June 11, 2007


Evolution and dissent (David K. DeWolf, June 11, 2007, Boston Globe)

You might think that a public high school is a poor venue for controversies in science. But even in higher education political and ideological agendas are threatening academic freedom. For example, Guillermo Gonzalez, a talented astronomer at Iowa State University, was recently denied tenure. Gonzalez has published 68 scientific papers, more than three times the number normally expected for tenure in his department. His college textbook on astronomy was published by Cambridge University Press. His work has been featured in top scientific journals, including a cover story in Scientific American.

But in 2004 Gonzalez co authored a book, "The Privileged Planet: How Our Place in the Cosmos is Designed for Discovery," which made the case for attributing the life-sustaining features of our planet to something other than random chance. This was too much for some colleagues at ISU. A petition was circulated by a religious studies professor and signed by 120 colleagues, affirming their rejection of "all attempts to represent intelligent design as a scientific endeavor."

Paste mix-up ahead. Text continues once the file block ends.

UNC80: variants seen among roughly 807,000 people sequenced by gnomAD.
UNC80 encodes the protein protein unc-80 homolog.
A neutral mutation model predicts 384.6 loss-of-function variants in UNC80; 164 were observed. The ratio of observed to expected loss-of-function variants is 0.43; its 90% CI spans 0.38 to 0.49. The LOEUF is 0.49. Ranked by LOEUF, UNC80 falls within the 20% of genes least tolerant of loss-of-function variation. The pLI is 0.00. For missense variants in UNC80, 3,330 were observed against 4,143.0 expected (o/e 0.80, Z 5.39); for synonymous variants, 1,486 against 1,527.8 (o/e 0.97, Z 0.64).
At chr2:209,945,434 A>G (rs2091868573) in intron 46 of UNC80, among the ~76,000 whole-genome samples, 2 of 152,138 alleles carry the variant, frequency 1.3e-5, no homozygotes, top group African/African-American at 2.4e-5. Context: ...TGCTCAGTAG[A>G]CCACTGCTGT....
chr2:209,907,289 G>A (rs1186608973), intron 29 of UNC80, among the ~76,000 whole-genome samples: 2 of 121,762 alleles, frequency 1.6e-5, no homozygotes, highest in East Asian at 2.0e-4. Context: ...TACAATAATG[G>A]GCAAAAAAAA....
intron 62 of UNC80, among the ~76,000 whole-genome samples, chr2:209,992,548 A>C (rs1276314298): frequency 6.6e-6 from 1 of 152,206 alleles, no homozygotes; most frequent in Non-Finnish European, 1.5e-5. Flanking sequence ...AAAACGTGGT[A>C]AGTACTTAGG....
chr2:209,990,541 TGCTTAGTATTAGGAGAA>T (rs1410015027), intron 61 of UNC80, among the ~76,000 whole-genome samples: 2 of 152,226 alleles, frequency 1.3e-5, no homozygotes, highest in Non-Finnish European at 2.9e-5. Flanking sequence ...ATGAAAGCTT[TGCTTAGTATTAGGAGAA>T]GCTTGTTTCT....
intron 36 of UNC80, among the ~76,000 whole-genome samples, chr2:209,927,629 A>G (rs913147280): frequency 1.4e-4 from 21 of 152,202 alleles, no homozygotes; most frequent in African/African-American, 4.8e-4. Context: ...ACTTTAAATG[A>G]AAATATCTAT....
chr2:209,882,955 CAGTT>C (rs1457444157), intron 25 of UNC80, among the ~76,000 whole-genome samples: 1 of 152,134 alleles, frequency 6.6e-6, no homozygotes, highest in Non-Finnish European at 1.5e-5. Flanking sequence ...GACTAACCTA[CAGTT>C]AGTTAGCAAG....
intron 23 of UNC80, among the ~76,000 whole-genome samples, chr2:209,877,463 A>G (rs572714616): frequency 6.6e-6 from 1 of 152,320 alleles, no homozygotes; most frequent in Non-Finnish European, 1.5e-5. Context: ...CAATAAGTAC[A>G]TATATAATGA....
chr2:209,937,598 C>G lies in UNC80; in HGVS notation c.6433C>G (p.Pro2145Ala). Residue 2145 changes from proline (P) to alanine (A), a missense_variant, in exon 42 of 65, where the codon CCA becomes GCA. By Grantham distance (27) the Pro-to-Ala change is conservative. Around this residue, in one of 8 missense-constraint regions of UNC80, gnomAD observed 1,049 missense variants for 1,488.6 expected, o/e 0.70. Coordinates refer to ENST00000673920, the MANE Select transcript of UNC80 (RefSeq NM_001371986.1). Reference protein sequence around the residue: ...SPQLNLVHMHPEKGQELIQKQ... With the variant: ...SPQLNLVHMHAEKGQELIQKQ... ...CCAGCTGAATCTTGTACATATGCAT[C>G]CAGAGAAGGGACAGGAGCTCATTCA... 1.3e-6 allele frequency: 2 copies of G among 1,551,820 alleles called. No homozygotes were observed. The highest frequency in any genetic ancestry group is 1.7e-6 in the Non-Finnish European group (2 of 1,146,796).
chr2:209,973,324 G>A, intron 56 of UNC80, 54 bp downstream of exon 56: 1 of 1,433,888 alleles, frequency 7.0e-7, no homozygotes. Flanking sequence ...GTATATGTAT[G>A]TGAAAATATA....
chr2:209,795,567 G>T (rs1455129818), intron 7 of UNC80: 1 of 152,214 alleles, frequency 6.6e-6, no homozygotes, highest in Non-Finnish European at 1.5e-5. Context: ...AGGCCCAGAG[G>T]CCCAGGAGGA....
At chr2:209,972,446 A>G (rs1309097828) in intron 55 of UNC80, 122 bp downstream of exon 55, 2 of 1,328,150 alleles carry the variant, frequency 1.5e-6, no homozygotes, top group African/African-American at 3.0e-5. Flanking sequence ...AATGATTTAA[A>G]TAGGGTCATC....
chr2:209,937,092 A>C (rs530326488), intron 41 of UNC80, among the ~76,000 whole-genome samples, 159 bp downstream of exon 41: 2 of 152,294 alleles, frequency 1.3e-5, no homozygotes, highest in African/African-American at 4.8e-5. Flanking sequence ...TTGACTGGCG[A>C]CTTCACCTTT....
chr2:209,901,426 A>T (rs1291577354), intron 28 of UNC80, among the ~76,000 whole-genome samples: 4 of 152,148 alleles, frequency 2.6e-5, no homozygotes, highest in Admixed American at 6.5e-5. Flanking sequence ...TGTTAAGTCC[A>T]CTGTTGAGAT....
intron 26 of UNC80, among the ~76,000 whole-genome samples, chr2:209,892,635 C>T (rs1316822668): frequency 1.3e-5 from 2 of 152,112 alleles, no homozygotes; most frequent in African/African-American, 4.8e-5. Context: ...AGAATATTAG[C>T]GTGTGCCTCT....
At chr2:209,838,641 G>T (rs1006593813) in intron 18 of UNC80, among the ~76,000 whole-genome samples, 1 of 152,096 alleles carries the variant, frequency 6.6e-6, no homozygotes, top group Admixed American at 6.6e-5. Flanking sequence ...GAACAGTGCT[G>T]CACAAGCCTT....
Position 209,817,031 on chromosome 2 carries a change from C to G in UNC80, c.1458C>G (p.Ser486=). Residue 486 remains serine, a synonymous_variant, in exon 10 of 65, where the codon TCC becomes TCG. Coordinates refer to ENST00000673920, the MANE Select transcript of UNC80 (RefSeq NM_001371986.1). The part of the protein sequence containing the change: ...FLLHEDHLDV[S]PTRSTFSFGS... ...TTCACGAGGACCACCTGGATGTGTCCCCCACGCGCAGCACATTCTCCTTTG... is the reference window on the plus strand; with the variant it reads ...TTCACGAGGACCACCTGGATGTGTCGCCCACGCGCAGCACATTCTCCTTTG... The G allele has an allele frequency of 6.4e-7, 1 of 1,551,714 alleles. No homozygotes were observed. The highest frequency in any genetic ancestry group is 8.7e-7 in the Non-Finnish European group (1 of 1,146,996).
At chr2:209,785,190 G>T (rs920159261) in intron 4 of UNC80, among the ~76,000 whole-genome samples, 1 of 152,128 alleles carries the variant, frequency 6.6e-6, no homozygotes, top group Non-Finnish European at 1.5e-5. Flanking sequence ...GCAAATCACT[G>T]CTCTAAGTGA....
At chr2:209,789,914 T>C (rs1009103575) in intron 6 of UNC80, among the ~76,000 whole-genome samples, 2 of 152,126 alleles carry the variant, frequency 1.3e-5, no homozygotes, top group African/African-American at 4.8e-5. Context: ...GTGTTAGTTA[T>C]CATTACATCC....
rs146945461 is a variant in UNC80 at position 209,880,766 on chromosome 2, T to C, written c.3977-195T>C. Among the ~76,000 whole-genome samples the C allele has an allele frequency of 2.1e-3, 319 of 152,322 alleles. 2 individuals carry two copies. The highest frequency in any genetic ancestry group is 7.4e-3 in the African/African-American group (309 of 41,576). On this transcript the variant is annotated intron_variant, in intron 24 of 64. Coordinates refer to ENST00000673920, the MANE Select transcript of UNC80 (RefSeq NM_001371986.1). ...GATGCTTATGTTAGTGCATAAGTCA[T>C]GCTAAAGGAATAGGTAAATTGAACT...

Some may have the illusion that science is devoid of politics. But whether we debate the efficacy of a pharmaceutical drug, the risks of electromagnetic radiation, or the potential benefit of embryonic stem cells, financial and ideological agendas are not easily set aside. As bad as political correctness may be in the humanities and social sciences, we should be particularly alarmed by a threat to the right to dissent from the "mainstream" when it comes to scientific knowledge, often a critical component of our public policy.

In a culture where only 13% claim to believe in Darwinism, it's sort of odd to refer to the skeptics as the dissenters, even if Academia is the last redoubt of the credulous.

Posted by Orrin Judd at June 11, 2007 7:03 AM

I doubt all 120 faculty who signed the petition were physicists, so where are Gonzalez's colleagues? You know, the ones who might be expected to understand the difference between facts and opinion. Our colleges and universities are no better than our public schools in the integrity department.

I hope the ACLU is preparing a suit against the university.

Posted by: erp at June 11, 2007 8:24 AM